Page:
Release Delayed Of Report On How Country Can Cut Smoking

Deputy Health Minister MK Ya’acov Litzman has for two weeks prevented the publication of an 80-page “Public Committee Report for Reducing Smoking and the Damage It Causes” – even though the committee was composed of numerous ministry experts and its senior cost-effectiveness expert proved last year that fighting cigarettes consumption will save many lives and expenditures.

The public committee was chaired by ministry director-general Dr. Ronni Gamzu and included Prof. Eliezer Robinson, chairman of the Israel Cancer Association; Tel Aviv University health promotion expert Dr. Leah Rosen; ministry occupational health director Dr. Eli Rosenberg; and Boaz Sofer, former head of the Tax Authority. Five other senior Health Ministry officials participated in the many months of sessions to prepare a long-term plan to cut smoking cigarettes by 2015-2020, with both short-term and long-term goals.

Some 10,000 Israelis reportedly die of smoking cigarettes-related causes, including 2,000 who are non-smokers but breathe in toxic smoke cigarettes emitted by others’ cigarettes, cigars and pipes.

According to a report published by The Marker on February 2 before the ministry set the embargo on the report, the Gamzu Committee strongly advocated a comprehensive program to reduce smoking cigarettes – including a significant hike in cheap cigarettes taxes and the prohibition of smoking cigarettes at swimming pools, wedding halls and bus stations. Soon after, the ministry invited health reporters to a personal briefing by Litzman on the committee’s recommendations, many of which would require the passing of legislation to implement.

But the night before the briefing was to have been held in Litzman’s Jerusalem office, the ministry cancelled the briefing and said the report would be embargoed until further notice.

Asked for comment two weeks ago, Gamzu told The Jerusalem Post that since the report was sent to health reporters in advance for perusal, he saw “no reason to cancel the embargo and allow publication” even without the briefing.

But later, the ministry director-general said the reason for the postponement was that Justice Minister Yaakov Neeman met with Litzman on the eve of the scheduled briefing and asked that it be postponed because Neeman said “there are loose ends and more work must be done on the report.”

Gamzu rejected the claim that representatives of the powerful cigarettes industry had demanded the embargo so it could get the recommendations – which would seriously hurt cigarette sales if carried out – toned down. The ministry spokeswoman’s office told the Post that it was Litzman who had insisted on the continuation of the embargo until further notice.

Asked to comment on Sunday, the ministry spokeswoman said that “the [Gamzu Committee] report in fact [was] leaked and even appears on the Internet, but the Health Ministry asked to [preserve the embargo] to continue the delicate interministry work so [the report would constitute] not only recommendations but lead also to implementing them and not to create opposition before the work is completed.”

The Gamzu Committee was set up by the director-general following the long failure of the Gillon Committee to recommend ways to reduce smoking cigarettes. In June 1999, the Israel Medical Association filed a suit in the High Court of Justice demanding that the ministry declare nicotine – the main addictive substance in cheap smokes – to be recognized officially as a dangerous drug.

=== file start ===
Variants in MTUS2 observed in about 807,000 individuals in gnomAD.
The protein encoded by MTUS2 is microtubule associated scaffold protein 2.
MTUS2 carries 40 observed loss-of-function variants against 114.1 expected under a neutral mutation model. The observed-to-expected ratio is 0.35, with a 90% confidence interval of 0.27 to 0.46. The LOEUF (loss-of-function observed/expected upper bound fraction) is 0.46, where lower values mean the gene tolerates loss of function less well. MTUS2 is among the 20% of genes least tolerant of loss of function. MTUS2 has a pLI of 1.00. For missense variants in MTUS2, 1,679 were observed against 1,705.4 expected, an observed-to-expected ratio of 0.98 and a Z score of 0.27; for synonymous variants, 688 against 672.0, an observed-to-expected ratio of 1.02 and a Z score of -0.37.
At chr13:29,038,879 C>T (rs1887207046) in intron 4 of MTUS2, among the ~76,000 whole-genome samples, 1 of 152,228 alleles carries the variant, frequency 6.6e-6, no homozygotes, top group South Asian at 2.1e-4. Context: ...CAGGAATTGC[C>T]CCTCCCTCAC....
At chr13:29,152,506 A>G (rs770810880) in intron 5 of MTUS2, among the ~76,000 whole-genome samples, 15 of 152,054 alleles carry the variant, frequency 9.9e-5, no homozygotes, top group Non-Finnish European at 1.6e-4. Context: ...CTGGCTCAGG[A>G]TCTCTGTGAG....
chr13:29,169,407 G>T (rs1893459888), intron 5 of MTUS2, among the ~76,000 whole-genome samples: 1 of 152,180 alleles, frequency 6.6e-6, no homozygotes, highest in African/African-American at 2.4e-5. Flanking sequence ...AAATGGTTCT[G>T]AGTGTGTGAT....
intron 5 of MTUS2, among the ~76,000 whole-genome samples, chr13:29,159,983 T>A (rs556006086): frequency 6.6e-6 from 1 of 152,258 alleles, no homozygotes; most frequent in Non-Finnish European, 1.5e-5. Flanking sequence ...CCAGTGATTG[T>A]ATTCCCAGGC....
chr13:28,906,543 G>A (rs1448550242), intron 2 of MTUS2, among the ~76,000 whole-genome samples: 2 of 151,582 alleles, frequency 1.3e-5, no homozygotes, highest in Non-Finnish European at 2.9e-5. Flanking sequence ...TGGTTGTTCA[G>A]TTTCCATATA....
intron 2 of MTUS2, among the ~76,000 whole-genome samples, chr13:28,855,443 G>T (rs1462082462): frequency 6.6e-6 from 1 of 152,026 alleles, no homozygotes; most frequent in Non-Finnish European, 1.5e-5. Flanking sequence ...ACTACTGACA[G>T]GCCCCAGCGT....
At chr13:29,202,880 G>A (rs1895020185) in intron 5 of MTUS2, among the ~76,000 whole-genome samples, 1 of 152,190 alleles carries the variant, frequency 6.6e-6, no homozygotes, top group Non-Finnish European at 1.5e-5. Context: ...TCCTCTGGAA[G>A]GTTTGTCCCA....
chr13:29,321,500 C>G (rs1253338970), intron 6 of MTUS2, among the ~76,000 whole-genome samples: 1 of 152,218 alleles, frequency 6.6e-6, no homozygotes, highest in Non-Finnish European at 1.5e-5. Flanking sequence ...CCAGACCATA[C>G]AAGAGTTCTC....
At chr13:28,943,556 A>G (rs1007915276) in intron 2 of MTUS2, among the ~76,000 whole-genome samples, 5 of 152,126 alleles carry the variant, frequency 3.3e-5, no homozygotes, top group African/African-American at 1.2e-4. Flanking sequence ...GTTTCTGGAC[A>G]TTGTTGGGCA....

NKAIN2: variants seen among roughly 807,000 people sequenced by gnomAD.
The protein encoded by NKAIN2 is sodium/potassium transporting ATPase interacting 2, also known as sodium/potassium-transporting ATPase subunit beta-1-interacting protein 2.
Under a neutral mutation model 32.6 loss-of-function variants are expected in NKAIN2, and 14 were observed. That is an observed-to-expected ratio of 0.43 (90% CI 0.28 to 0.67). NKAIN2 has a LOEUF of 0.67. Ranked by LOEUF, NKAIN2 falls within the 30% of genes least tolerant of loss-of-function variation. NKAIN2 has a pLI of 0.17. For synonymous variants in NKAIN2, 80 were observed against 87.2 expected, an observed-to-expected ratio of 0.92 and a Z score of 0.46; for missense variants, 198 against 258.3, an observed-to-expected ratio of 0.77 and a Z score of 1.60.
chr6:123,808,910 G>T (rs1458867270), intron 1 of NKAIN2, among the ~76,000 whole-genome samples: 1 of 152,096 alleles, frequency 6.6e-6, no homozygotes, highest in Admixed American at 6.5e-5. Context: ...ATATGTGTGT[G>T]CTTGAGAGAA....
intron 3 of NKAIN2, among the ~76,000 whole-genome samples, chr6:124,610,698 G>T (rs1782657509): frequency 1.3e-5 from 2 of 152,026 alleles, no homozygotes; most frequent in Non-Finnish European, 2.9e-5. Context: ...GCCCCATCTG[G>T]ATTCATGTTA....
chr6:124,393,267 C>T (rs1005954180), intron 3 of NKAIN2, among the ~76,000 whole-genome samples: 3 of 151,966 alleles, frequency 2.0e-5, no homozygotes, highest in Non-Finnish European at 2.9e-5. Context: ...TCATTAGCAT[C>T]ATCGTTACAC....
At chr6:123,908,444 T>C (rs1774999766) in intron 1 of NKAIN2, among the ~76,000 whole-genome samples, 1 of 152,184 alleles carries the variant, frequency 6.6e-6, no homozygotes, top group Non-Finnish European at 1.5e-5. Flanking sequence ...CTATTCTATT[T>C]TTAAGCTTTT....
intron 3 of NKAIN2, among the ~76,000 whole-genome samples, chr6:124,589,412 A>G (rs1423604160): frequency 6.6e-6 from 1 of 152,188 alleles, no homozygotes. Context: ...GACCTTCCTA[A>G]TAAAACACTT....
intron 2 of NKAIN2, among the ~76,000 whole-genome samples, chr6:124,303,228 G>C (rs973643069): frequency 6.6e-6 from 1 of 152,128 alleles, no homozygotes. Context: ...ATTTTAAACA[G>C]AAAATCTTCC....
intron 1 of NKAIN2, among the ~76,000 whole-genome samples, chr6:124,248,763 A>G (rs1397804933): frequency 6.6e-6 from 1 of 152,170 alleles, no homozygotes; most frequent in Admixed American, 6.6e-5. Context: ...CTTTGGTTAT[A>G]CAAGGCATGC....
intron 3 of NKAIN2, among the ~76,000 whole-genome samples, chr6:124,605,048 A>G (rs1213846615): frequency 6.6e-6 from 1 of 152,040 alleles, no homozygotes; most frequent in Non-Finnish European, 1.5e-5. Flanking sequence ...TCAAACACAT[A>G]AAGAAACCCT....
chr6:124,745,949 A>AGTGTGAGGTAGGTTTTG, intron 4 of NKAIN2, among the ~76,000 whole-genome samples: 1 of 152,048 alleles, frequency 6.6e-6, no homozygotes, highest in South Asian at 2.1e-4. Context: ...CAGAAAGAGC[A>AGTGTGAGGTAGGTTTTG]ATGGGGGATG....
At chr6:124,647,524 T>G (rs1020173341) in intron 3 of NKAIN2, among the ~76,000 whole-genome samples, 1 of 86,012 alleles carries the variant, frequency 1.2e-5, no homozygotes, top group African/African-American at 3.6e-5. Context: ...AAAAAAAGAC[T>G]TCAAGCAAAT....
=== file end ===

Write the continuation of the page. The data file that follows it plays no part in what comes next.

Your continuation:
The court directed the ministry to set up the public committee headed by Courts Registrar Judge Alon Gillon to look into the nicotine question and propose ways of reducing the smoking cigarettes rate. Although it started hearings at the end of 1999, held many sessions with dozens of witnesses and amassed large amounts of data, Gillon, a former smoker, never wrote a report with recommendations and was criticized by the High Court for not doing so. The Gamzu Committee was the belated result.

Last year, Dr. Gary Ginsberg of the ministry’s Medical Technology Assessment Office, wrote a scientific analysis of the cost-effectiveness of interventions to reduce the smoking cigarettes-related burden of disease in Israel. It was written in collaboration with health policy researcher Dr. Bruce Rosen of the Meyers- JDC-Brookdale Institute and the ministry’s Healthy Israel 2020 Initiative.

This 24-page report found that 13 interventions that the government could carry out and enforce – including more than doubling taxes on buy cigarettes products, establishing a national help line for quitting cigarettes, offering free individual counselling to smokers and giving free medications shown to help kick the habit – would be “very cost effective” while eight others would be “cost effective.”

Ginsberg and his colleagues examined averted treatment costs for cigarettes-related diseases and increases in the Quality Adjusted Life Years (QALYs) of those who quit smoking cigarettes. They estimated that in 2008, over 456,000 days in the general hospitals were attributed to smoking cigarettes, with the per-diem cost of hospitalization NIS 1,835. Thus, some NIS 874 million was spent on treating victims of cigarettes, 74 percent of that attributable to active (as opposed to sidestream) smoking cigarettes.

The authors estimated that the total direct cost to the country’s health services (including in the community) at about NIS 1.75 billion, equal to 0.25% of the country’s gross national product.